Welcome to the latest edition of the Grand Rounds blog carnival, the weekly roundup of medical blog posts!
The Blog That Ate Manhattan kicks us off with the Meaningful Use Song, surely the most antic entry I’ve ever hosted. Can’t beat the zippy refrain “I am the model user of an EMR that’s meaningful.”[youtube=http://www.youtube.com/watch?v=tIOxpaOtoMI&w=501&h=306]
CMS issued the final rule on Accountable Care Organizations last month, and several bloggers issued their own posts in response. What struck me was their diversity of views on what this all means:
- On one end of the spectrum HealthBlawg compares ACO regs to the camel with its nose under the tent: “the disruptive innovation that is intended to set the rest of the system off-kilter until it reaches a new status quo on the other side of the Triple Aim”
- At the other end, ACP Hospitalist reports that the MGMA’s expert on ACOs opines that the new rule “Doesn’t look like it’s going to affect us right now.”
- Somewhere in the middle come Highlight Health, “If patients show they like this new system, we could see a fundamental change in the American healthcare system” and InsureBlog, “As a medical practice manager, my main concern is still “How do I get paid?””
GlassHospital’s answer to InsureBlog’s question on how to run an efficient practice and make money in a capitated environment: act like an orthodontist. “I was overwhelmed by the efficiency of it all, the professional nature of the encounter(s), and my daughter entering a rite of passage (and how brave she was!) in no particular order.”
This being Grand Rounds (as opposed to the Health Wonk Review) we have some submissions on the practice of medicine and doctor/patient interactions:
- ACP Internist reports that “Providing information on death to cancer patients… is associated with improved care and to increase the likelihood of fulfilling the principles of a good death.” At least in Sweden.
- Scepticemia (cool blog name by the way) ticks off some pet peeves about what doctors do, including: antibiotics for sore throat, needlessly prescribing pricey drugs, pumping saline into ER patients and doing knee surgery.
- Medaholic asks whether better use of the physical exam could save the system money. The blogger seems to think the answer is yes.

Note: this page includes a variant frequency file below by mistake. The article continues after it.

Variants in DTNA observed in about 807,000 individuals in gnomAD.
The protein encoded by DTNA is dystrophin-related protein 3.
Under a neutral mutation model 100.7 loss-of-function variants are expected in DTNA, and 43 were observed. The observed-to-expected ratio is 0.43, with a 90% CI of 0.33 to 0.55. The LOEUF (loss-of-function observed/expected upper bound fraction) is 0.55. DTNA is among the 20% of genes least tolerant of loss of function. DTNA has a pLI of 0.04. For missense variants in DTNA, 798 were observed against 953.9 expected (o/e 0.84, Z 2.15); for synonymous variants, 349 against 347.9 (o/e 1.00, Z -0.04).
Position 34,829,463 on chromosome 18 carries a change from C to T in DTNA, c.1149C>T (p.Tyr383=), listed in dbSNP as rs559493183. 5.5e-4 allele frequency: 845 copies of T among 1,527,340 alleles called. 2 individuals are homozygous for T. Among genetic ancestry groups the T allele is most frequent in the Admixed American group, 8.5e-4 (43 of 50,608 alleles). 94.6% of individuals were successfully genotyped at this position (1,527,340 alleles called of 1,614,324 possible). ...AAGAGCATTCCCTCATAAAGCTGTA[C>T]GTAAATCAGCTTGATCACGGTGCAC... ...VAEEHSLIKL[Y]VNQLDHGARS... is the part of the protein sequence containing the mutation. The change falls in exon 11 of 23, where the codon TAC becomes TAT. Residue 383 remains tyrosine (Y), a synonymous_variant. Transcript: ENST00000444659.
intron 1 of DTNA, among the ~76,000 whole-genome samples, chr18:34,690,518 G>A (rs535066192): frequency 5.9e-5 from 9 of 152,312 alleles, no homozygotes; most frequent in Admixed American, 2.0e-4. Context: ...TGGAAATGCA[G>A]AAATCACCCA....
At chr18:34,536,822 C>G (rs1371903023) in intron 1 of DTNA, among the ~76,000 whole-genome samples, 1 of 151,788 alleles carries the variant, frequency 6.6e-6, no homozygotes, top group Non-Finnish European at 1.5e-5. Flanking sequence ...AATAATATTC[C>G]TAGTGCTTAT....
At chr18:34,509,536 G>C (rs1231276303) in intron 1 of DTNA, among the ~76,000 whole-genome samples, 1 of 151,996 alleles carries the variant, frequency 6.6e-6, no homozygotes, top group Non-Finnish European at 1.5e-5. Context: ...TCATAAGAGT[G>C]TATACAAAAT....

There were more than the usual number of posts related in one way or another to thinking:
- Will Meek, PhD celebrates the arrival of a new book by Daniel Kahneman with insights on two information processing systems: intuition and reasoning.
- Behaviorism and Mental Health explains two ways of looking at human activity: behaviorism and sin. “My primary objection to the notion of sin, however, is that it undermines human dignity and value.”
- Laika’s MedLibLog reviews research on evidence based point of care summaries.
On the patient empowerment front we have:
- Medical Lessons, who’s none too pleased with recent anti-mammogram rhetoric. “Mammography may be the best way for middle-aged women to avoid the debilitating and lethal effects of late-stage disease.”
- DiabetesMine reminds us that November is National Diabetes Awareness Month and November 14 is World Diabetes Day
- DrPullen.com asks “What vitamins should I take?” and answers, “Most people who have a reasonably healthy diet are best taking no vitamins at all.”
And finally, Supporting Safer Healthcare offers perspectives from the stone age of medical blogging. “Medical blogging in the early days was a heady experience. The number of medical bloggers was small, and we often found ourselves connecting through shared interests and through Grand Rounds, a weekly collection of medical posts started that same year by Nick Genes, MD, of Blogborygmi.com.”
The Health Business Blog began around that time and first hosted Grand Rounds on June 27, 2005.
That’s it for now! Better Health hosts next week.November 1, 2011